Tuesday, March 10, 2009
When I first read the English Standard Version (ESV) of the Bible back in 2003, I immediately fell in love with it. I grew up imbibing the Revised Standard Version (RSV) in our church, and the ESV sounded to me like the right update to a classic. Even though the New Revised Standard Version (NRSV, the “official” update to the RSV) was the only Bible choice in my seminary, I was never quite comfortable with some of its translation choices while still claiming to be a “literal” translation of the Christian Bible.* So when I read the ESV’s translation philosophy and the text of the ESV itself, I found myself in agreement for the most part.
After using it alongside other translations (and with the original languages) for a few years, however, I began to notice some of the imperfections and quirks that didn’t get ironed out in the ESV, even in the 2007 revision.
So I am writing a blog post to offer some constructive feedback to the ESV translation team, hoping to improve the clarity and accuracy of the English in the ESV. Let me be clear: my motivation is love; I want to help make a good Bible translation even better, for God’s glory and for (English-speaking) humanity’s edification.
The ESV’s Strengths:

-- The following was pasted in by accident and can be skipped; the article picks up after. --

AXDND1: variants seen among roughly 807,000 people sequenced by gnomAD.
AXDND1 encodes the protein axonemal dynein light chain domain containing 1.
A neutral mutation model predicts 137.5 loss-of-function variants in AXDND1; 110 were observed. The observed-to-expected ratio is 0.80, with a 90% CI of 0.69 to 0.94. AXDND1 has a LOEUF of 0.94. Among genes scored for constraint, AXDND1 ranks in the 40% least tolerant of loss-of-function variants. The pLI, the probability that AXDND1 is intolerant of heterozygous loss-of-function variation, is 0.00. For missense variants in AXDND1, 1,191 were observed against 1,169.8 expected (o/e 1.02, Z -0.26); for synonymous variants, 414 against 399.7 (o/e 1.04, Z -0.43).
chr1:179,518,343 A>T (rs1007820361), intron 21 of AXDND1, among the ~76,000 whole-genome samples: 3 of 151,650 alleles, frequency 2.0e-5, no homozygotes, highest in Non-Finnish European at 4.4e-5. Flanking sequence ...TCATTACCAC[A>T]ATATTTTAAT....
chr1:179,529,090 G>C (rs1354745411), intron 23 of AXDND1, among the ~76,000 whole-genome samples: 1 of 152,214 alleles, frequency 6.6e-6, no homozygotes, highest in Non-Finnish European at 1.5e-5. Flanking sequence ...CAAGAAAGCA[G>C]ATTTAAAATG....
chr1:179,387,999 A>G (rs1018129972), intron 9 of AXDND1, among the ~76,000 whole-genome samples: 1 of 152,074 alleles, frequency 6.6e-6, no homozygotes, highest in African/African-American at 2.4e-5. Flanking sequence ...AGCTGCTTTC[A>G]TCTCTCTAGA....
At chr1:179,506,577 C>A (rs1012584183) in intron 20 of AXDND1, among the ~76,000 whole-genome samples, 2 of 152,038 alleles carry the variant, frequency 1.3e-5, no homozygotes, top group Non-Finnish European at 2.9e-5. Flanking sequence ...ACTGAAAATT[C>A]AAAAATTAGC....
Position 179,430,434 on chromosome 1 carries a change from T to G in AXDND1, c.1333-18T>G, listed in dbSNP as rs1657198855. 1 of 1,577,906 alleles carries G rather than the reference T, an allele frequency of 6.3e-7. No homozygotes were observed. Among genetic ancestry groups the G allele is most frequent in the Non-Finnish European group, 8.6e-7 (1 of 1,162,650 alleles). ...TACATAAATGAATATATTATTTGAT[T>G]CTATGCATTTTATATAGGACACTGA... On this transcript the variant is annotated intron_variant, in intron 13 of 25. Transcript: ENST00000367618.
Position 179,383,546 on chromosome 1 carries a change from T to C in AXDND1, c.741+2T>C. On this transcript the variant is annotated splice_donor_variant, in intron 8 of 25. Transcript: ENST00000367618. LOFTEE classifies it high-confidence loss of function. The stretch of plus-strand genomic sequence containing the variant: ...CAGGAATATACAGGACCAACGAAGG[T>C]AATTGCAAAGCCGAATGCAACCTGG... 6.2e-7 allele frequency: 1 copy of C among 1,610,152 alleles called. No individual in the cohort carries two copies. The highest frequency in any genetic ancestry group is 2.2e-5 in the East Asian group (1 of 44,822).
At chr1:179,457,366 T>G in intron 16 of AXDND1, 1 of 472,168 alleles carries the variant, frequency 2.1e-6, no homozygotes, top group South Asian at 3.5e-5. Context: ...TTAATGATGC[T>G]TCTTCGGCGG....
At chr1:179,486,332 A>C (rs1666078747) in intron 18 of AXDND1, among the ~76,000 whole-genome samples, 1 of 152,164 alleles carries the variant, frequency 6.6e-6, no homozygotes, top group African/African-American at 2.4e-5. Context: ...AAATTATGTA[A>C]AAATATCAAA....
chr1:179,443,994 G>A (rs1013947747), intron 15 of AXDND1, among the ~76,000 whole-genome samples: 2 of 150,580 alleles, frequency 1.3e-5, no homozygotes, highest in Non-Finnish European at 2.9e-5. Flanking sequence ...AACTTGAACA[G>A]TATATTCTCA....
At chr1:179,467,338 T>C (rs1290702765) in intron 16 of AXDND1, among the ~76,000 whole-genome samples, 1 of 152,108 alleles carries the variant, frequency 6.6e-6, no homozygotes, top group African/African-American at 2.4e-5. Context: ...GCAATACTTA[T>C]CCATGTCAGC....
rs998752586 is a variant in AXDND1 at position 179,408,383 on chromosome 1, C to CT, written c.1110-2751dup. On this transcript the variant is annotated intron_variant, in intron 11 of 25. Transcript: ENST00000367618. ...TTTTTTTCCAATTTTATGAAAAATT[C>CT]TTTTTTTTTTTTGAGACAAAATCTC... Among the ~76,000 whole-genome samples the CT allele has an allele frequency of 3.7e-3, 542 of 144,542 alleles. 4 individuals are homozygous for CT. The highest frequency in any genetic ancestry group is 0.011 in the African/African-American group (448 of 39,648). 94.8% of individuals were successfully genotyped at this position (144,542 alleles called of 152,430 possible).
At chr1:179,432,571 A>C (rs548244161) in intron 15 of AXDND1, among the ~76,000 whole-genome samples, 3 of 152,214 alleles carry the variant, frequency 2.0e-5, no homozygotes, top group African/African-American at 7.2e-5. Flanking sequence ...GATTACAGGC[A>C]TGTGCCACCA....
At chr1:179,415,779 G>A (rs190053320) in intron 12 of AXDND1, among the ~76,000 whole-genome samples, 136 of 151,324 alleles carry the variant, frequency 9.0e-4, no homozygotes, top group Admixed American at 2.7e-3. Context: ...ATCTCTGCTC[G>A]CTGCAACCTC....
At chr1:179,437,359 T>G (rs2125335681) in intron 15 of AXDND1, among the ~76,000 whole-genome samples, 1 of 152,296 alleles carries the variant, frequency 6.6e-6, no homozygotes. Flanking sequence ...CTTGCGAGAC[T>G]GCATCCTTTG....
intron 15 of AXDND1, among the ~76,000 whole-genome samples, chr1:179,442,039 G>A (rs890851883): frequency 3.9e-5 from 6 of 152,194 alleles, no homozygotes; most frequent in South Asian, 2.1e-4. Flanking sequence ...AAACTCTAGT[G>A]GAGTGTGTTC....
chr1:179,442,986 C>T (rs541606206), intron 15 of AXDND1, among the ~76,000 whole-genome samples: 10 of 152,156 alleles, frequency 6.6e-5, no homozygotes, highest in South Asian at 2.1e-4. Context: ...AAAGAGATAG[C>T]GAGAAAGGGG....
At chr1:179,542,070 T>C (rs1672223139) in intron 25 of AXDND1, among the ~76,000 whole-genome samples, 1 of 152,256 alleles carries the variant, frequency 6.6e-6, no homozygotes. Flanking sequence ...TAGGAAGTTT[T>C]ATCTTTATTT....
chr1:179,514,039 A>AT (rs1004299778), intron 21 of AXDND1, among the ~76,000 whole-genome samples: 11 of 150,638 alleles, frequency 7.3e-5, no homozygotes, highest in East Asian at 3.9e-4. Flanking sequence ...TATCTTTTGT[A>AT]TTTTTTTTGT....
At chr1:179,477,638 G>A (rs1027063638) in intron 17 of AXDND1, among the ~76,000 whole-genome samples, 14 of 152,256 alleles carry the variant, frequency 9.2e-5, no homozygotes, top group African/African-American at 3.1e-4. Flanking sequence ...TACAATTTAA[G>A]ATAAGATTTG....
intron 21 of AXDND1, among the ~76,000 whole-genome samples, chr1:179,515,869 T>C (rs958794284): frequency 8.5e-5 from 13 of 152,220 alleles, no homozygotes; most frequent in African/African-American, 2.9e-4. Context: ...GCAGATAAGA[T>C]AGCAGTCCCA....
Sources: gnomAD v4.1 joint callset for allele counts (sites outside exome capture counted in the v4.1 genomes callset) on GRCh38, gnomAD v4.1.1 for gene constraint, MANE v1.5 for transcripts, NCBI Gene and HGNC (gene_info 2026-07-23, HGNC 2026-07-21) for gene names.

The ESV follows an “essentially literal” translation philosophy; that is, it tries (as much as is possible while still communicating the message in English) to match the words and syntax of the original languages. Being literal also means keeping the concordance of similar words throughout the text. I believe it is a strength when the ESV uses the generic “he” or “his” to draw attention to an individual in Scripture, rather than conflating it into “they” or “their.”
To its credit, the ESV translation team has also adhered to an evangelical, Trinitarian paradigm of Holy Scripture, rather than a revisionist, liberal approach. The ESV’s translation philosophy reflects laudable goals, and there is definitely a niche for a solid, functionally-equivalent Bible translation (to be used in conjunction with mediating translations and dynamic equivalence translations) in the marketplace today.
The ESV’s Weaknesses:
Generally speaking, the ESV is weak when it chooses traditionalism over accuracy. The translators should carefully read the entire text, checking to make sure certain choices are accurate and not merely the traditional way of rendering the text.
For example: Nearly every instance of hesed in the OT is translated as “steadfast love,” which is a good choice. However, in Psalm 23, hesed is rendered as “mercy”–a capitulation to the KJV’s translation, which is burned into the consciousness of our culture. Likewise, John 3:16 still reads, “For God so loved the world…” leading us to believe that God loved the world sooooo much, that he sent his only Son. (In fairness, almost all translations choose to stick to the KJV on this one, too.) But houtos (“so” or, better, “thus”) is qualitative rather than quantitative, meaning: “This is how God loved the world….” To its credit, the ESV includes this alternative as a footnote; but when will they have the guts to put away traditionalism and stick with accuracy?
In the NT especially, the ESV sometimes follows curious word ordering in the text, choosing to stick with the Greek word order, even though even beginning Greek students will tell you that Greek sentences are flexible.